A delay in the delivery of gear boxes and other systems has put the brakes on the construction of the country's first indigenous aircraft carrier (IAC) at Cochin Shipyard Limited (CSL).

On account of this, the 40,000-tonne fleet air defence platform is a year behind schedule. The carrier, to be christened INS Vikrant, was to have been launched last year at 20,000 tonnes, as it cannot be launched at a higher displacement from the shipyard's building bay. As per the revised schedule, the launch of the ship is now slated for this year-end.

“There is a delay of one year [in the construction of IAC]. We are now planning to launch it by the end of this year,” Commodore K. Subramaniam, CSL Chairman and Managing Director, said at a press conference here on Friday. “The requirements of a carrier are far more complicated than those of merchant vessels,” he said adding that the shipyard looked forward to bagging more orders from the Navy. Meanwhile, The Hindu has learnt from its sources in the Navy that the carrier has taken on about 15,000 tonnes at the moment. “An indigenous aircraft is a major milestone for the country, but realising it is a humongous task,” said a top naval functionary. “The Defence Metallurgical Research Laboratory (DMRL) and the Steel Authority of India (SAIL) have done a good job by making carrier-grade steel available. But there was some delay in delivery of equipment like sophisticated propulsion gear boxes and generators,” he said.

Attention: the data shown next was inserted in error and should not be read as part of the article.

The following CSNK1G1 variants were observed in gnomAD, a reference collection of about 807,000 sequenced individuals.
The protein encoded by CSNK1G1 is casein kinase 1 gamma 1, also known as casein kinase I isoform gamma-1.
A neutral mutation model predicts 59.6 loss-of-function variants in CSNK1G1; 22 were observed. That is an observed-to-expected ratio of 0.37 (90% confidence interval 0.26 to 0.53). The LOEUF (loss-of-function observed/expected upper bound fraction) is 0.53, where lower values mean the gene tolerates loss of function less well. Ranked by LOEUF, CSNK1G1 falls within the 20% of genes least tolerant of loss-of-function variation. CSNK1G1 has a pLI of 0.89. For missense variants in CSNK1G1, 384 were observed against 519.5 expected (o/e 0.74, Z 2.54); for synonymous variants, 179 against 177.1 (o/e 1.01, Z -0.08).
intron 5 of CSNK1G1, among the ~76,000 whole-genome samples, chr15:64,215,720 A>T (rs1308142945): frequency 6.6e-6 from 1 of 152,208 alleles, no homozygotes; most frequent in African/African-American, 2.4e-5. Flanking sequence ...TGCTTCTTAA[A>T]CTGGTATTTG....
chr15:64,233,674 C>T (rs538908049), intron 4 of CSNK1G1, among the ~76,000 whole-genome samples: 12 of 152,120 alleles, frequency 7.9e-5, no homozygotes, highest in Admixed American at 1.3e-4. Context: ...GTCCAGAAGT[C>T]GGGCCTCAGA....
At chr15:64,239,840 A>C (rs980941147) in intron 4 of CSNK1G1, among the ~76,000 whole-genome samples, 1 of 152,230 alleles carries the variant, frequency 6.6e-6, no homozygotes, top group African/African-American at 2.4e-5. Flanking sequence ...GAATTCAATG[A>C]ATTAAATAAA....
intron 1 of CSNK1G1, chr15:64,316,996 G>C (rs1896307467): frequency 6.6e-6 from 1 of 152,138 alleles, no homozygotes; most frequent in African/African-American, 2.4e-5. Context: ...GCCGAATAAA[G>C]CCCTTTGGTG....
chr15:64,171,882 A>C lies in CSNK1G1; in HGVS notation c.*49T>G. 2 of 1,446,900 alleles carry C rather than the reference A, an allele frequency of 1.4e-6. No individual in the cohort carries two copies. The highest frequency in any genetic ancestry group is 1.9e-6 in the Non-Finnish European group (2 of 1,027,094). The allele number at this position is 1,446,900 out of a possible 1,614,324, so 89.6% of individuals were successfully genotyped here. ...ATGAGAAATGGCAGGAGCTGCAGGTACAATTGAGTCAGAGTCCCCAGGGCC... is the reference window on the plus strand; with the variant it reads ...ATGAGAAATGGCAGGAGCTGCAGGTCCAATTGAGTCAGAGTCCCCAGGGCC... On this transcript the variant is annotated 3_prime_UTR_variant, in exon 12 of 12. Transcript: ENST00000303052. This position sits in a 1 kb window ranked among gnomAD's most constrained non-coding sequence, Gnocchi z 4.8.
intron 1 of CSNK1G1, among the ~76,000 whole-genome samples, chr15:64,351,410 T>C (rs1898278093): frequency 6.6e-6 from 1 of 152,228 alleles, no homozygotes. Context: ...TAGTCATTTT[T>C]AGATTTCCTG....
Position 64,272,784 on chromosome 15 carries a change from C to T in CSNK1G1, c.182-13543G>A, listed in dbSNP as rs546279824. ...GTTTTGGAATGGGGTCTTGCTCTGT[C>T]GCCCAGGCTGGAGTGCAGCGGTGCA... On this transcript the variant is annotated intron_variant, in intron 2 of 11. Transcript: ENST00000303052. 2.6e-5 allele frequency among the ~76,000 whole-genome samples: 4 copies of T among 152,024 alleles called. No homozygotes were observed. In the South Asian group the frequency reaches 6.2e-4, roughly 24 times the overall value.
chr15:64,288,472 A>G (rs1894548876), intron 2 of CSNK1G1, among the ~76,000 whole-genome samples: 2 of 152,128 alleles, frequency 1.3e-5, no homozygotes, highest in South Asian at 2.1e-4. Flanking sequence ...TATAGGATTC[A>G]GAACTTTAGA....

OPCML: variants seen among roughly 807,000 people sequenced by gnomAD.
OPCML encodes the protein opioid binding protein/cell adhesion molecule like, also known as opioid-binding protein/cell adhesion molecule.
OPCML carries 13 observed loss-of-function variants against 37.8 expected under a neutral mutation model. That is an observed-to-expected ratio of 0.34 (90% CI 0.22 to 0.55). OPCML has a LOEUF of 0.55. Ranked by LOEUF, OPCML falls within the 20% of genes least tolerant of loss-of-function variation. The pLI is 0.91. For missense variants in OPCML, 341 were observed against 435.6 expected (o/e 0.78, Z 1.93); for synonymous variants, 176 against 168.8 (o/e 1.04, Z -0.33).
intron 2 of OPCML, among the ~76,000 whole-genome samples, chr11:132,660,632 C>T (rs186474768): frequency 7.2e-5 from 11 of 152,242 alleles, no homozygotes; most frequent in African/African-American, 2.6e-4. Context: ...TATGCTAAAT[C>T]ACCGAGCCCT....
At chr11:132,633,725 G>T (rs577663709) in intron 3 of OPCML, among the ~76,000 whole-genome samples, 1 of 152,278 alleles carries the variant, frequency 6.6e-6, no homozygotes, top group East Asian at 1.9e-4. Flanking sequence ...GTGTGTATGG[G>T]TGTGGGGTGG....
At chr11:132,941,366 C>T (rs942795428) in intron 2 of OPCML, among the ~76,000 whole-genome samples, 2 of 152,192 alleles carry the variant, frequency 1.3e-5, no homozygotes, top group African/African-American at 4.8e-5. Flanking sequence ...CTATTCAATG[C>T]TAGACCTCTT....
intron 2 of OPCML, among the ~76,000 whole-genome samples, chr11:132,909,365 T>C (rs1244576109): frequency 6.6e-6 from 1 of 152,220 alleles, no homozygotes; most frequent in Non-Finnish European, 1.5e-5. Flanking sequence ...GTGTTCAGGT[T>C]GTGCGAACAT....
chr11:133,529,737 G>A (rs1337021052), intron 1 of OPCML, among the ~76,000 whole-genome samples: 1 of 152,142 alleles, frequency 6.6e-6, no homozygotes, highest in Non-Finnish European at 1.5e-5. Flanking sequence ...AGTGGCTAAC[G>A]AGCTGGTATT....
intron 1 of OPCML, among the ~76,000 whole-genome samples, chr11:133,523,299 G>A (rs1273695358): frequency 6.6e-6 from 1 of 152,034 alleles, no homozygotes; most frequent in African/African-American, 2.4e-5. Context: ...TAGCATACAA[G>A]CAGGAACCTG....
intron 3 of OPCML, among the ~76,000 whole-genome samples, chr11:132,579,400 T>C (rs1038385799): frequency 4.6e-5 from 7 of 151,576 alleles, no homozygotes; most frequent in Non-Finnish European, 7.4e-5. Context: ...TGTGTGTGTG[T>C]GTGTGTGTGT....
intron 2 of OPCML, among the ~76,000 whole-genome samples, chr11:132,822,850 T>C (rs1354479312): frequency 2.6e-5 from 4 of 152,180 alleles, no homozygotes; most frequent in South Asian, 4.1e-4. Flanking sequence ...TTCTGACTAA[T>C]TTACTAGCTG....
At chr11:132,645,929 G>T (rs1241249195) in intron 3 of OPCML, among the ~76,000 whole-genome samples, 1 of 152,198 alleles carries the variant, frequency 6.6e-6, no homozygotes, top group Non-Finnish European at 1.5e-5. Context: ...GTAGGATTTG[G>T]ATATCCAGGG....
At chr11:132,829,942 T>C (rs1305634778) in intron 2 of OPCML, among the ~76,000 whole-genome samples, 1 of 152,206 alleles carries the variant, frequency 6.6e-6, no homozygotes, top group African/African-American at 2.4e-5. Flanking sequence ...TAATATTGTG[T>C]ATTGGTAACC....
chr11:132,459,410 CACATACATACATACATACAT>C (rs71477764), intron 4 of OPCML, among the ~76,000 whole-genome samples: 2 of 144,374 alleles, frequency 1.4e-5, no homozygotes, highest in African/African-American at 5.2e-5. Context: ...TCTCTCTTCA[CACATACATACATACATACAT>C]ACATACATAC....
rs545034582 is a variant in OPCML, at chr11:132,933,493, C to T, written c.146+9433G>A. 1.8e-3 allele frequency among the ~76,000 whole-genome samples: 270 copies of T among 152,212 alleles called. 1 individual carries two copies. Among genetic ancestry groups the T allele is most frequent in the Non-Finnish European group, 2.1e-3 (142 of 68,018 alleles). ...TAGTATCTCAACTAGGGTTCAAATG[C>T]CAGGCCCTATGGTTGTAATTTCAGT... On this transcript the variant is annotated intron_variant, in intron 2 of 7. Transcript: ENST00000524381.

Gujarat-based Elecon Engineering Company Limited, which had designed and produced CODOG marine gear boxes for the Navy's Shivalik-class stealth frigates, ran into rough weather attempting to manufacture the huge main gearboxes for the carrier. “But they have been able to overcome the technical issues. Supply of steel is steady, but does not meet the quantity that we require,” said CSL sources.

The Navy, however, has thrown its weight behind the project and exudes confidence that the lessons learnt hard from a project of this magnitude—the first of its kind in the country—will be India's investment for future. “The ‘economic war potential' of many western countries is enormous. The industry there is ready with components and systems the moment the design of a project is frozen. We have so far adopted a piecemeal approach to project execution, which is changing now. Our industry needs to gear up for our defence requirements,” said another senior Navy officer.

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